The final stage of therapy is often referred to as consolidation or termination phase. It is noteworthy that modern researchers and practitioners tend to avoid using the word termination due to its negative connotation (Maples & Walker, 2014).
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The positive approach to this portion of group psychotherapy often shapes the activities employed as well as the atmosphere the leader of the group is trying to establish. The focus should be on the participants’ progress rather than the end of the therapy. It is essential to consider some of the most important steps to undertake in order to ensure the effectiveness of this phase and the best client outcomes.
One of the critical measures to implement is the participants’ preparation for the final stage and the last sessions. Donovan (1988) notes that termination can be a challenging period for some members of the groups especially when it comes to vulnerable groups. In order to avoid negative feelings or even clients’ regression, it is necessary to start discussing the consolidation phase as early as the working stage.
It can be beneficial for the participants to discuss some coping strategies related to the termination of relationships (Corey, 2015). Although male combat veterans can seem resilient enough, it is essential to make sure that all the members of the group are capable of going through the end of sessions. Transparency is one of the most important features of consolidation as it assists clients in becoming prepared for parting with the leader of the group and peers. The participants should be reminded that the sessions will end at a certain period and certain goals should be achieved by then.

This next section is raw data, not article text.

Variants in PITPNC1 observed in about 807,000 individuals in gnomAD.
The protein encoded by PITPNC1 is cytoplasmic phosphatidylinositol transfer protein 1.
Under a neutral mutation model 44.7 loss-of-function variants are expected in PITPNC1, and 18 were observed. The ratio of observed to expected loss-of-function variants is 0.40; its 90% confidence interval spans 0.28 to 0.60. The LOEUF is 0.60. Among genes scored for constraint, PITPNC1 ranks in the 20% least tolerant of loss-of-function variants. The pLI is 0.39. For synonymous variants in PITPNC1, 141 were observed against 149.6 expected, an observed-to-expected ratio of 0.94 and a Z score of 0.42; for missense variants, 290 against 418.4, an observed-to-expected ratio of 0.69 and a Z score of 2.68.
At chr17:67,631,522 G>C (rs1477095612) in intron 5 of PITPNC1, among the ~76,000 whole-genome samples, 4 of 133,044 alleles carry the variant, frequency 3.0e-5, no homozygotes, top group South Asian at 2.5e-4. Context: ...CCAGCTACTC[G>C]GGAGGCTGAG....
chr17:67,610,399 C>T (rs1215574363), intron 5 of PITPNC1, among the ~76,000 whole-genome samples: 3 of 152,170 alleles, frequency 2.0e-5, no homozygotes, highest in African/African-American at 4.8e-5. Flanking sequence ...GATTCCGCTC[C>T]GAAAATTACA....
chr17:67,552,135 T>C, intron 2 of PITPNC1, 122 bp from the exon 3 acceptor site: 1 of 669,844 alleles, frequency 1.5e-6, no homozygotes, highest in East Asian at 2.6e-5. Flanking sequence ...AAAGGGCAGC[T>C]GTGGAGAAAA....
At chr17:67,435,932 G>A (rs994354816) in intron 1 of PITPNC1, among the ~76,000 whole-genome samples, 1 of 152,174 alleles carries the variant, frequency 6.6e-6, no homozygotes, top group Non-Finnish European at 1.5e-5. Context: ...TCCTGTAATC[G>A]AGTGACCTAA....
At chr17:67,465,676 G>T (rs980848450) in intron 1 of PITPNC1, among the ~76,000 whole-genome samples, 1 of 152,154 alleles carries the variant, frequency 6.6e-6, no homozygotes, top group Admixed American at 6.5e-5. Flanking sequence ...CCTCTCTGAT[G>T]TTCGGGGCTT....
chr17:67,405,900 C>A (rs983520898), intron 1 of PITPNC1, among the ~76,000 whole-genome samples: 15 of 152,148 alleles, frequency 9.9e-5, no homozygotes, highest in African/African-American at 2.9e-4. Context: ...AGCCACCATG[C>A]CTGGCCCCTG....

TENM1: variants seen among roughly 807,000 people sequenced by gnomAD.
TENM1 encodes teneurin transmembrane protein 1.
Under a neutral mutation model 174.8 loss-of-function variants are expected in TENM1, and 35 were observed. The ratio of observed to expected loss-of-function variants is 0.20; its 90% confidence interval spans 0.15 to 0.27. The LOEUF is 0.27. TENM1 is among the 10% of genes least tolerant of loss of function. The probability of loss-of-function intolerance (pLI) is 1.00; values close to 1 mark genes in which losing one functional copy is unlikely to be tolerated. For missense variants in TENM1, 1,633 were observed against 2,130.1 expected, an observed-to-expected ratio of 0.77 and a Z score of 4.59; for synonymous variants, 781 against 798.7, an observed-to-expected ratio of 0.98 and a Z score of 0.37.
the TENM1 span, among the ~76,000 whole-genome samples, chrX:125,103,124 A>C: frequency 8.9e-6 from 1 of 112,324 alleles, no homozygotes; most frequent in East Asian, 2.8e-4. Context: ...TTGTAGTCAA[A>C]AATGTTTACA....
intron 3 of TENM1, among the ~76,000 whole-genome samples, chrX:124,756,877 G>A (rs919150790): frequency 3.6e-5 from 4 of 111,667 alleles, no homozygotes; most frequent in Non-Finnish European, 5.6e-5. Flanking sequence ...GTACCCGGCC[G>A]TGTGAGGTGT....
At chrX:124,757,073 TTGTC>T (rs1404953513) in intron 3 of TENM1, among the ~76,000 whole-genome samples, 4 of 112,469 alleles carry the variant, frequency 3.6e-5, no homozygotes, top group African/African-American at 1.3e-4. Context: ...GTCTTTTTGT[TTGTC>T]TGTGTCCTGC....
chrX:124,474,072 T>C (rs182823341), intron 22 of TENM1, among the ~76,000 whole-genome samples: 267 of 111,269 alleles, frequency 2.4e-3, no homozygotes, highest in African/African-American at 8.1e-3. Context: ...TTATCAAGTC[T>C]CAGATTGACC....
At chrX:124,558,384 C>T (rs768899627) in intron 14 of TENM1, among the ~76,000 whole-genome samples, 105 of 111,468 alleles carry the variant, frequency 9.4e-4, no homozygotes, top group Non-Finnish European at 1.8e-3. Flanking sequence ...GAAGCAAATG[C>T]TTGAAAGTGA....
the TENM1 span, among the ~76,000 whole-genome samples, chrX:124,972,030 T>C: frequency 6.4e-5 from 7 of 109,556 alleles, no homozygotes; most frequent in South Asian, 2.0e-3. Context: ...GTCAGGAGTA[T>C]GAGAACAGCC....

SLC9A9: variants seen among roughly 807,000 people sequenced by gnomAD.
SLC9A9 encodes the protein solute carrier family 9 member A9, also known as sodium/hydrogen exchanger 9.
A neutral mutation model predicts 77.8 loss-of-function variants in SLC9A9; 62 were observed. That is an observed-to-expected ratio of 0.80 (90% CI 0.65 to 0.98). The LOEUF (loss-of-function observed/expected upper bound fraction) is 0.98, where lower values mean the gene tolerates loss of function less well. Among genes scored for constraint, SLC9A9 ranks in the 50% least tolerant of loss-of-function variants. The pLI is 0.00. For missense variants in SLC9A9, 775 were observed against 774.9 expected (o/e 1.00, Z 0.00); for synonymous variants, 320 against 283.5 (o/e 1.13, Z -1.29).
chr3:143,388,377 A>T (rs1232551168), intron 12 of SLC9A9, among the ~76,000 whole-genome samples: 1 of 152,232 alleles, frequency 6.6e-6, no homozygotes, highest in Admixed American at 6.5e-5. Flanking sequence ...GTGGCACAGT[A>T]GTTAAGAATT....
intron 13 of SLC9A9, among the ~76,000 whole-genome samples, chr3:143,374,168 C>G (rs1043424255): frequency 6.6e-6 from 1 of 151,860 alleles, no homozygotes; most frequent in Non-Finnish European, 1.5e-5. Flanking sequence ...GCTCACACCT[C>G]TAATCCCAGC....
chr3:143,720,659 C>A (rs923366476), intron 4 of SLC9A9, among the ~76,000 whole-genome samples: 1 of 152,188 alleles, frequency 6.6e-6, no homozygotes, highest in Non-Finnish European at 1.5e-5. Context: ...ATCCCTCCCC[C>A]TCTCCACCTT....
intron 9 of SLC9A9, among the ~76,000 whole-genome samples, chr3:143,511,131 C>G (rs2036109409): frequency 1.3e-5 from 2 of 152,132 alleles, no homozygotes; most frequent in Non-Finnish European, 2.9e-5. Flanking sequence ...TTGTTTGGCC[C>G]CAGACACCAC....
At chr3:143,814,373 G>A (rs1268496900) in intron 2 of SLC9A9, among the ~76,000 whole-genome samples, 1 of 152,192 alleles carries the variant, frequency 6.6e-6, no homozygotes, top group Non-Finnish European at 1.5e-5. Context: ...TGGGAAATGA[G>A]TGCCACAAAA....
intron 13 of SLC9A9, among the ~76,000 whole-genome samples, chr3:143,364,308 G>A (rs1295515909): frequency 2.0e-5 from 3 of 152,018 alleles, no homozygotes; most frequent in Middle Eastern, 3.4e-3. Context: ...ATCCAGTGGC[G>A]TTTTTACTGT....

It is also necessary to pay considerable attention to the goals that have been established at the beginning of the therapy and ways to maintain the participants’ focus on their attainment. Consolidation presupposes coming to conclusions and developing effective plans that can help group members in their life. It is pivotal to be sincere and evaluate the progress of each client properly. The leader should initiate discussions of the clients’ relationships with people outside the group and ways to improve them. The leader of the group should ensure that the atmosphere is positive and empathic during all stages of the therapy, but it is vital for the consolidation stage.
One of the interventions that can be effective during the consolidation stage is the discussion of the participants’ progress. This can be held in the form of a pretend game. The participants can receive cards with certain roles randomly. The clients can be offered three roles: completers, runners, and escapers. Completers are the group members who attained the set goals and terminate the therapy with a sense of satisfaction.
Runners are those who have made certain progress but still have some issues and can find it difficult to take their leave. Escapers are group members who have made little or no progress but are willing to part with the group and never come back. Each veteran will contemplate on his hypothetical feelings, reasons for their status, and ways to make progress. After each reflection, the members of the group should provide their feedback and share their views on possible strategies to help their peer. They should give some pieces of advice as to the follow-up strategies.